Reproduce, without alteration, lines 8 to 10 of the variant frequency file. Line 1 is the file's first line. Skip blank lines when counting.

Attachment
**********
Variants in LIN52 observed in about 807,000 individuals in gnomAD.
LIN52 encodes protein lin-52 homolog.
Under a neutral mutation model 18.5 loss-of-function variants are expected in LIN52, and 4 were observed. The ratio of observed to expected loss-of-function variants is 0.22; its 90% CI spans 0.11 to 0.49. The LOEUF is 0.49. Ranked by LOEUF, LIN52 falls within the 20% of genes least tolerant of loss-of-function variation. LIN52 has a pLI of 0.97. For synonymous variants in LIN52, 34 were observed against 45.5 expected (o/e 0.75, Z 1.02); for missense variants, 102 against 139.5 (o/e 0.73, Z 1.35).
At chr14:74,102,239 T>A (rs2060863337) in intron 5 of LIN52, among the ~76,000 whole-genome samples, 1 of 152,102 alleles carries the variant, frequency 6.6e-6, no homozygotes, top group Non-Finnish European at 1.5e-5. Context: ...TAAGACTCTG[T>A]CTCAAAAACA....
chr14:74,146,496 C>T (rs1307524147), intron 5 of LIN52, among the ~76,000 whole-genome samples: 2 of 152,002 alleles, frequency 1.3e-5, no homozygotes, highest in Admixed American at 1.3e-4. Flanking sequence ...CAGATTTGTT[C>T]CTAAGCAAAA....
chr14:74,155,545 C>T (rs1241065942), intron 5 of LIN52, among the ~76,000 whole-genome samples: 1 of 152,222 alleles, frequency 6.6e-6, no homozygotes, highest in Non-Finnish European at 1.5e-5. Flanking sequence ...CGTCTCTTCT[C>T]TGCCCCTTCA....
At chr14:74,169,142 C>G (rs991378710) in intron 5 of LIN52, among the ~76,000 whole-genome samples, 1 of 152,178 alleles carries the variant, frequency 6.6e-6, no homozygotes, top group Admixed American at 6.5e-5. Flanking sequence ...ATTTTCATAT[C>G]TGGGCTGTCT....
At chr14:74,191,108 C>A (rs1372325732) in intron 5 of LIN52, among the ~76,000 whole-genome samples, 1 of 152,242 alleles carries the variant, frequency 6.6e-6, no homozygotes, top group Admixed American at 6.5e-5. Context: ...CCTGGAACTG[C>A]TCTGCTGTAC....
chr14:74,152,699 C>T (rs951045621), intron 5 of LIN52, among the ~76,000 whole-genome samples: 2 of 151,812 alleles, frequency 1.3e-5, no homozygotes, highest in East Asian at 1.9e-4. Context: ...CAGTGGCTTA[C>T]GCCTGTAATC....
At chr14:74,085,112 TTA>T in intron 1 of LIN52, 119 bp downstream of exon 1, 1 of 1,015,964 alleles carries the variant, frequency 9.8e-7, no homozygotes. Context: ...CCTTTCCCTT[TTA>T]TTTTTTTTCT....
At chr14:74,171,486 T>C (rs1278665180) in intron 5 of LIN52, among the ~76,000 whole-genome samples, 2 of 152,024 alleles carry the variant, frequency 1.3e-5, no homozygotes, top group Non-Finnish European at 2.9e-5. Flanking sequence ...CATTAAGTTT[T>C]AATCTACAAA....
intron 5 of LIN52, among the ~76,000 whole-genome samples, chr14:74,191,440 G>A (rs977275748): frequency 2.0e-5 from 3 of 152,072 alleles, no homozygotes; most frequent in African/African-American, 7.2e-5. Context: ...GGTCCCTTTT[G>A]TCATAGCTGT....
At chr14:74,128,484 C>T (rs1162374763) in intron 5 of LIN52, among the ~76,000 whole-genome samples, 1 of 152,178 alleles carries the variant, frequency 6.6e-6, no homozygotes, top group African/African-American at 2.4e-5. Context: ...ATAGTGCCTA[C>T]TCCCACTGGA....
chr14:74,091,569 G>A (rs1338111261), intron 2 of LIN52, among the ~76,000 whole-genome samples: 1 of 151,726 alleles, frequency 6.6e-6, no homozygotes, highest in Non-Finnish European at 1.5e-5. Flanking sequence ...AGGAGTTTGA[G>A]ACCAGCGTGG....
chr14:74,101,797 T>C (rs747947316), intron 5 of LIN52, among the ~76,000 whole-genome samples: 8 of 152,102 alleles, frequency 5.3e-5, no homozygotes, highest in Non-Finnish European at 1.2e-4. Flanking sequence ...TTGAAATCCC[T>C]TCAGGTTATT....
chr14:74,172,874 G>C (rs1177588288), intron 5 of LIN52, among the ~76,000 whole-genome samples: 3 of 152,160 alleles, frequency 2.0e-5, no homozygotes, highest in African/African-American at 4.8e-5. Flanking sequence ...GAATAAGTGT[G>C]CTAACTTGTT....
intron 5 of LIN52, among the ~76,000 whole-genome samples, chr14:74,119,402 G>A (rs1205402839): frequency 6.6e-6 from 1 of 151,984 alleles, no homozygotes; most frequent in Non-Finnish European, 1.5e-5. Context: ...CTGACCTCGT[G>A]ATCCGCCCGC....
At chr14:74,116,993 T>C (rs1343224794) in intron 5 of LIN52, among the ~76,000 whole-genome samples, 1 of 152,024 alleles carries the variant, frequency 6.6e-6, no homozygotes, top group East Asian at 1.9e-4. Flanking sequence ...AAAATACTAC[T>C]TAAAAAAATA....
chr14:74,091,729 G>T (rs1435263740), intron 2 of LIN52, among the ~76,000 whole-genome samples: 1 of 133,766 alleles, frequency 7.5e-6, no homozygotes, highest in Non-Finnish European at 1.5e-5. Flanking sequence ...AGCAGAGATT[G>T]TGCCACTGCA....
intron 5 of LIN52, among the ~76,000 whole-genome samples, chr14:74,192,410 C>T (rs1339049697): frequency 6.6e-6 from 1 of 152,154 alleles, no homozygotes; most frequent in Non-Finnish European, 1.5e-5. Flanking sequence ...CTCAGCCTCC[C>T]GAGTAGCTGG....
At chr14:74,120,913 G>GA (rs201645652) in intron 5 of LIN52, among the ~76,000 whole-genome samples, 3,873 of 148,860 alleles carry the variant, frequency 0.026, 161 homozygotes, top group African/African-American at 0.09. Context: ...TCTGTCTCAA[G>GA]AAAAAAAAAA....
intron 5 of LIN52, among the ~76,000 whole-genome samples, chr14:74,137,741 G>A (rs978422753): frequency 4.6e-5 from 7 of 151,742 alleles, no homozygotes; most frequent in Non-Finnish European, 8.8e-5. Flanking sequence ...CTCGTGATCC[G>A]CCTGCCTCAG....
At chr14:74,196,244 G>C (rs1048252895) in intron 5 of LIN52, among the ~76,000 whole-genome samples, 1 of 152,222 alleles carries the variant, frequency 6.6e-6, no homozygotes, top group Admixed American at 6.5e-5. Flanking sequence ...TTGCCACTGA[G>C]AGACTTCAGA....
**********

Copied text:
At chr14:74,191,108 C>A (rs1372325732) in intron 5 of LIN52, among the ~76,000 whole-genome samples, 1 of 152,242 alleles carries the variant, frequency 6.6e-6, no homozygotes, top group Admixed American at 6.5e-5. Context: ...CCTGGAACTG[C>A]TCTGCTGTAC....
chr14:74,152,699 C>T (rs951045621), intron 5 of LIN52, among the ~76,000 whole-genome samples: 2 of 151,812 alleles, frequency 1.3e-5, no homozygotes, highest in East Asian at 1.9e-4. Context: ...CAGTGGCTTA[C>T]GCCTGTAATC....
At chr14:74,085,112 TTA>T in intron 1 of LIN52, 119 bp downstream of exon 1, 1 of 1,015,964 alleles carries the variant, frequency 9.8e-7, no homozygotes. Context: ...CCTTTCCCTT[TTA>T]TTTTTTTTCT....